AG: I never refused to pay Auditor General’s legal fees

The content originally appeared on: Trinidad and Tobago Newsday

Attorney General Reginald Armour, SC. –

Attorney General Reginald Armour, SC, is dismissing reports he refused to pay for the legal fees of an attorney retained by the auditor general over the provision of the audit report.

Auditor General Jaiwantie Ramdass filed a lawsuit on Tuesday amid a constitutional impasse over her report of the public accounts of TT for the financial year 2023.

The claim asks the court for an urgent hearing as Ramdass seeks several declarations, including her rights to protection of the law and not to be deprived of such procedural provisions as necessary.

She claimed she is entitled to retain and instruct counsel of her choice to advise and/or represent the Office of the Auditor General in any matter where there is a dispute with the government and that the AG is required to bear the reasonable costs for her lawyers.

Speaking at a media conference at his office on Wednesday, Armour said he promised to pay Ramdass’ legal fees but only for a particular issue.

He explained she wrote to him on April 17, asking whether the Auditor General is required to consider the amended budget statements in light of the provisions of sections 24 and 25 of the Exchequer and Audit Act.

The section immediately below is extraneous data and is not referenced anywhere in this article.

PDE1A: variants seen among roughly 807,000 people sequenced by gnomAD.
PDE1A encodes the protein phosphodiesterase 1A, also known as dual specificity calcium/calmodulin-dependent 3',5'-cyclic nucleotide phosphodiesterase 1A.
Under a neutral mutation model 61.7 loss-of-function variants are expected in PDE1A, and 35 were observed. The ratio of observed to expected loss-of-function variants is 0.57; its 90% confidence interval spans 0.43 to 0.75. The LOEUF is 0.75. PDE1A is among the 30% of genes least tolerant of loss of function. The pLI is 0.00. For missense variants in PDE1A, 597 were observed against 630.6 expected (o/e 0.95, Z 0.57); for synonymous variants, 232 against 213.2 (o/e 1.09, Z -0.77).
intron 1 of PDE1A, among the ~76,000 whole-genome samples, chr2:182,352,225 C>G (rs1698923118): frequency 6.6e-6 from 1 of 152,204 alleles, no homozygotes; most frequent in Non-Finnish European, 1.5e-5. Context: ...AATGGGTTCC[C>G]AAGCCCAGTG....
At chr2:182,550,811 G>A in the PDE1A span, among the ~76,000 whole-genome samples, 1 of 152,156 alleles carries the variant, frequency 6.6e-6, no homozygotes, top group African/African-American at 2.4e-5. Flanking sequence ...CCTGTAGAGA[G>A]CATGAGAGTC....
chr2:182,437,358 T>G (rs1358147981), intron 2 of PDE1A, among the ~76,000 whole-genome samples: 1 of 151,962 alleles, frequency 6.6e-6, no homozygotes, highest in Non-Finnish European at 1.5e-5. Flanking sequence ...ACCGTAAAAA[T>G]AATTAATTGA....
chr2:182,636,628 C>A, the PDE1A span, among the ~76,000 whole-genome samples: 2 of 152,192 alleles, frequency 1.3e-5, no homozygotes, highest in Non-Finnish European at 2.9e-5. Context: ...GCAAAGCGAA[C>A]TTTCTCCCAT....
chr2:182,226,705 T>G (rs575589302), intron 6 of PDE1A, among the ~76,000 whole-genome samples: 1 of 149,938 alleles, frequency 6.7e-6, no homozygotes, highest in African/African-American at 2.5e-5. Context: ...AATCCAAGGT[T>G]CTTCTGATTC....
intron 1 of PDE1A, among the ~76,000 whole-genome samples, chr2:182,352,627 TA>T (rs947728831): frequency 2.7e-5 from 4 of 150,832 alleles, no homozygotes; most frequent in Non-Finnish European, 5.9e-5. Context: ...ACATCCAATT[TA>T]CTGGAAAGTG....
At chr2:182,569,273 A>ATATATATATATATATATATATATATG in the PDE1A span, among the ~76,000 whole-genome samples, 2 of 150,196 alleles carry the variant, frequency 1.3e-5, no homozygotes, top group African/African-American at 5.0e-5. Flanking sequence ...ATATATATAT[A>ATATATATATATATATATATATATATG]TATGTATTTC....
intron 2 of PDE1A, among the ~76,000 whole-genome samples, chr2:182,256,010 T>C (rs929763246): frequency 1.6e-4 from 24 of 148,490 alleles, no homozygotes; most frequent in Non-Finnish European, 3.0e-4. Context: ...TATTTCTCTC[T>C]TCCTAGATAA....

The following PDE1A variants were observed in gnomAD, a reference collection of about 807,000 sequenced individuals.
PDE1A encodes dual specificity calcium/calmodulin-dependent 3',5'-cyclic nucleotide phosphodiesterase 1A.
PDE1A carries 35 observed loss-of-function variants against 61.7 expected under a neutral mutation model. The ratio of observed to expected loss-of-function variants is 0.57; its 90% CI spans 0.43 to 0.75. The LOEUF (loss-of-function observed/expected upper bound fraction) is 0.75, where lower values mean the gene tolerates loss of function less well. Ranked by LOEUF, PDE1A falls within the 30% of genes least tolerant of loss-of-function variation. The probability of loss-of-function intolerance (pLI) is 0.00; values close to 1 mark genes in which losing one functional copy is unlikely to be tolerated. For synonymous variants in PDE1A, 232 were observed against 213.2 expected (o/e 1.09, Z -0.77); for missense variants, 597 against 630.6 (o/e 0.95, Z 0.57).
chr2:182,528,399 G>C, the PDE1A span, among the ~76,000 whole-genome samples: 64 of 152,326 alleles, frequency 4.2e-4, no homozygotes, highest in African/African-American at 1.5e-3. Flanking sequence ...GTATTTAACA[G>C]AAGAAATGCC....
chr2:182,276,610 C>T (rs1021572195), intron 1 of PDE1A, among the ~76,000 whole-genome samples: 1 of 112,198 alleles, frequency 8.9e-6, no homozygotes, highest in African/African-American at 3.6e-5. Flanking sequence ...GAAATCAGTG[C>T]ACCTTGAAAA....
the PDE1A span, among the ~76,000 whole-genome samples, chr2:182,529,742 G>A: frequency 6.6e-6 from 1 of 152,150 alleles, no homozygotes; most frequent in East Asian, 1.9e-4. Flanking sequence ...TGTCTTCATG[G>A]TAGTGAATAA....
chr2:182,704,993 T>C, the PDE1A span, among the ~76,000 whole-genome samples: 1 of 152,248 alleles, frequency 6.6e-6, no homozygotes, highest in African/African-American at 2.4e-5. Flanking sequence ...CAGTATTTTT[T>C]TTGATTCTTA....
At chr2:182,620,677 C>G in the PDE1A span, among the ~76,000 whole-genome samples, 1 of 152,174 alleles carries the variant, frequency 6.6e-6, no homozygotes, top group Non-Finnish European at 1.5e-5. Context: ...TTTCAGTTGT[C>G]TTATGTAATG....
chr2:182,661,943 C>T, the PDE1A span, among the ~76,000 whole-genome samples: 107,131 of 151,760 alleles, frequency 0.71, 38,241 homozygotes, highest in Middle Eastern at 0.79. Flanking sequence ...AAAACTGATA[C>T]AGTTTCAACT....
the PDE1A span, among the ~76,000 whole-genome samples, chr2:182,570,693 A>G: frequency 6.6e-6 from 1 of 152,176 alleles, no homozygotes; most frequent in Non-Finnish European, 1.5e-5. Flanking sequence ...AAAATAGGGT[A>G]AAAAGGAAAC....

Quoting from a letter he sent in response, Armour said he told her he was already advising the Minister of Finance on the matter after she sent a pre-action protocol letter.

Armour said he wrote, “I recommend that with all appropriate urgency, you should retain independent counsel to give you such advice. I give the undertaking that as Attorney General, I am prepared to pay reasonable fees incurred by you as auditor general for the retention and obtaining of that independent advice.”

He said Ramdass was aware the legal fees referred only to the advice on whether she was required to consider the amended budget statements.

He said this was reiterated to Ramdass in response to a letter sent by her attorney Anand Ramlogan.

Armour said Ramdass’ attorney was told in the letter, “It is clear that the recommendation and undertaking of the Attorney General was specific and related and confined solely to the advice sought by the auditor general in her letter to him on the April 17 and not in respect of any other advice or matter.”

He said reports that he refused to pay the legal fees are “erroneous, or worse, deliberately intended to mislead.”

Armour said he had not yet received any indication of the cost for Ramdass’ legal fees and added he had no intention of capping the amount as that would be premature.

“There is a process, for instance, at the high court, which is normally attended to by registrars of the high court. You look at the work that is done, you look at the time output and you assess what is reasonable against the work done, time output, and the complexity of the matter.”